Language gap

You know that point I’ve made a million times – well, more like a dozen really – about the language gap which exists between those few of us working within financial services and those millions of us outside?

I don’t think I’ve seen a better example than Invesco Perpetual’s current advertising campaign, appearing across a wide range of print, online and outdoor media much of which is clearly targeting non-hobbyist investors.

They’ve bet the ranch on a single execution with a single one-word headline, which makes for a campaign about as concentrated as it could possibly be.  Unfortunately, though, the word they’ve chosen is Patience, which is a terrible choice – boring and meaningless to most, but entirely counter-productive to quite a few.

To investment people, I suppose, it introduces an idea about long-termism.  Invesco Perpetual fund managers, it says, are there, Buffett-like, to stay.  I suppose that’s good, although in these short-termist times I fear there are quite a few investment people who prefer the here-today-gone-tomorrow flibbertigibbet approach, and rather fear that the Invesco Perpetual portfolios will be stuffed with patiently-held stocks bought in bygone eras like Kodak, Polly Peck, Racal and British Leyland.

But it’s what this word means to the 58 million people in this country who are emphatically not investment people that intrigues me.  Patience.  Why patience?  Patience how?

Looking for some kind of context – a known circumstance in which the word is often used and understood – many will think of football.  Those who support frequently-underperforming teams like mine know exactly what “patience” means.  It means: “Yes, results are rubbish at the moment, but please stop booing the manager and give him a few more weeks to try to turn things round.”  (Then, almost invariably, a few weeks later the Board will run out of patience and the manager will go, as for example Gus Poyet did at Sunderland yesterday.)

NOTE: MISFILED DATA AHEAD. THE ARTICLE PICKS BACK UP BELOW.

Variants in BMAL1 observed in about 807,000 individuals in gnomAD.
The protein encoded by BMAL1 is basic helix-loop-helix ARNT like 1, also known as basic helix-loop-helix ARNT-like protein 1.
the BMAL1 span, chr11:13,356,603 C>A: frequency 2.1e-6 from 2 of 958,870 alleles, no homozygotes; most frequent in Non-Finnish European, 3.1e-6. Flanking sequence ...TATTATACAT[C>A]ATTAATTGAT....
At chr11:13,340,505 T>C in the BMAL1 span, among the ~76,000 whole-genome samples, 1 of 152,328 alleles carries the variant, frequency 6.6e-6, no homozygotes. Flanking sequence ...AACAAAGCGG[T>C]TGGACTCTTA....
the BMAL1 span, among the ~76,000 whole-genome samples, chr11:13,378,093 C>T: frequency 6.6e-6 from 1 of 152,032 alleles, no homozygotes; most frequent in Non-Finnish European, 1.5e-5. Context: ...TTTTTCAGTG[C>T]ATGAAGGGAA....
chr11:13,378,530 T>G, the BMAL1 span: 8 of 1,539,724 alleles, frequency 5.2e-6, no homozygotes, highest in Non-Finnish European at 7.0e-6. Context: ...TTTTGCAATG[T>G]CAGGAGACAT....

It’s difficult to imagine why Invesco Perpetual would want to spend a very large sum on conveying this grim message about their current performance and their own managers’ capabilities.  But that’s the sort of thing that can happen when you don’t speak the same language as most of your readers.

3 thoughts on “Language gap

  1. What a terrible headline. Offers absolutely no benefit to its intended target audience, so will not lead to people reading further with any kind of positive interest (“engagement” as we say today).

    And for any member of the non-hobbyist investor market who does give it more than a second’s reflection, it will simply reinforce the view that you have to wait forever to get any kind of return from investing – if at all. Long term’s one thing, but no need to dramatise its pronounced downside.

    I wonder how much Invest Perpetual paid for that “campaign idea”.

  2. “Patience: We all want a Ferguson. But most of us get a Poyet (and even more of us get Redknapp). But choose Invesco Perpetual and you’ve got Wenger – now and forever … and ever.”

    Have I summed it up correctly?

  3. Actually, although everyone has been too kind to point it out, this was an embarrassingly ignorant blog. What I’d failed to notice was that star fund manager Neil Woodford, for many years the key man at Invesco Perpetual until he left recently to set up his own firm, had announced the launch of a new investment trust to be called the Woodford Patient Capital Trust. Invesco Perpetual’s “Patience” advertising was a blatant and obvious attempt to spike his guns.

    Blatant and obvious to everyone involved in any way with the investment world except me, of course. Which leaves me feeling, and looking, pretty stupid – except for the unarguable point that if I didn’t get it, neither will millions of other people. And I suspect that even among those who did, quite a few will see the ad as some sort of endorsement of Woodford’s new fund, which wasn’t what Invesco Perpetual intended at all.

    So apologies for failing to spot the silly game they’re playing. But even now that I get it, I still think it’s a rotten ad.

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